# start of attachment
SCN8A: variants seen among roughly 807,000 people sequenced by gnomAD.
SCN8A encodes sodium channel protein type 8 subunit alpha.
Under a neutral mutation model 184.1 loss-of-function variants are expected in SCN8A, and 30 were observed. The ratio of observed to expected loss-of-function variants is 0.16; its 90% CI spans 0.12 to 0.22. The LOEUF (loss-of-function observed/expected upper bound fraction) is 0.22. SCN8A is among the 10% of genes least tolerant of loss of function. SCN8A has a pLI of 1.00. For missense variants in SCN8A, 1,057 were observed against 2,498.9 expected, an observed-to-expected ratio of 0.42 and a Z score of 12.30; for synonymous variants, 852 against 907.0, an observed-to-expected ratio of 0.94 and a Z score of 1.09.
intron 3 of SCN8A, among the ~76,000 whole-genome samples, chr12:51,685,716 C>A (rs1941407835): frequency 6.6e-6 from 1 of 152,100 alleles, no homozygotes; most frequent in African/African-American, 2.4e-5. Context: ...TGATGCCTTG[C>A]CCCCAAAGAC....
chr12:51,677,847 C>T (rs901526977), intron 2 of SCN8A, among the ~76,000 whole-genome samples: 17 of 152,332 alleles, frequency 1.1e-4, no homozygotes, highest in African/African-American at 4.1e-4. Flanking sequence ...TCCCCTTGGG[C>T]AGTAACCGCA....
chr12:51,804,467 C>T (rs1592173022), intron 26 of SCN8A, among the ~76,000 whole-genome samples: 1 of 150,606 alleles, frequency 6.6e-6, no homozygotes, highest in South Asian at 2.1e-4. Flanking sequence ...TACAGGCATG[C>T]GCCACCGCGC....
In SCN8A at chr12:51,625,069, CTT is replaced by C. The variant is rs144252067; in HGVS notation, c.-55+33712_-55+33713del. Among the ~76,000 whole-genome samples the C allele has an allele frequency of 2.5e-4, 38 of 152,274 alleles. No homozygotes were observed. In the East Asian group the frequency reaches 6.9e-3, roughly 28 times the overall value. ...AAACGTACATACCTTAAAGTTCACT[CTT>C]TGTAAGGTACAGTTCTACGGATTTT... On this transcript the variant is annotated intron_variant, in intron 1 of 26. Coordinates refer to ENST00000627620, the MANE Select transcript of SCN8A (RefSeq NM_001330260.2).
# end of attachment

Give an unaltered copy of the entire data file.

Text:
SCN8A: variants seen among roughly 807,000 people sequenced by gnomAD.
SCN8A encodes sodium channel protein type 8 subunit alpha.
Under a neutral mutation model 184.1 loss-of-function variants are expected in SCN8A, and 30 were observed. The ratio of observed to expected loss-of-function variants is 0.16; its 90% CI spans 0.12 to 0.22. The LOEUF (loss-of-function observed/expected upper bound fraction) is 0.22. SCN8A is among the 10% of genes least tolerant of loss of function. SCN8A has a pLI of 1.00. For missense variants in SCN8A, 1,057 were observed against 2,498.9 expected, an observed-to-expected ratio of 0.42 and a Z score of 12.30; for synonymous variants, 852 against 907.0, an observed-to-expected ratio of 0.94 and a Z score of 1.09.
intron 3 of SCN8A, among the ~76,000 whole-genome samples, chr12:51,685,716 C>A (rs1941407835): frequency 6.6e-6 from 1 of 152,100 alleles, no homozygotes; most frequent in African/African-American, 2.4e-5. Context: ...TGATGCCTTG[C>A]CCCCAAAGAC....
chr12:51,677,847 C>T (rs901526977), intron 2 of SCN8A, among the ~76,000 whole-genome samples: 17 of 152,332 alleles, frequency 1.1e-4, no homozygotes, highest in African/African-American at 4.1e-4. Flanking sequence ...TCCCCTTGGG[C>T]AGTAACCGCA....
chr12:51,804,467 C>T (rs1592173022), intron 26 of SCN8A, among the ~76,000 whole-genome samples: 1 of 150,606 alleles, frequency 6.6e-6, no homozygotes, highest in South Asian at 2.1e-4. Flanking sequence ...TACAGGCATG[C>T]GCCACCGCGC....
In SCN8A at chr12:51,625,069, CTT is replaced by C. The variant is rs144252067; in HGVS notation, c.-55+33712_-55+33713del. Among the ~76,000 whole-genome samples the C allele has an allele frequency of 2.5e-4, 38 of 152,274 alleles. No homozygotes were observed. In the East Asian group the frequency reaches 6.9e-3, roughly 28 times the overall value. ...AAACGTACATACCTTAAAGTTCACT[CTT>C]TGTAAGGTACAGTTCTACGGATTTT... On this transcript the variant is annotated intron_variant, in intron 1 of 26. Coordinates refer to ENST00000627620, the MANE Select transcript of SCN8A (RefSeq NM_001330260.2).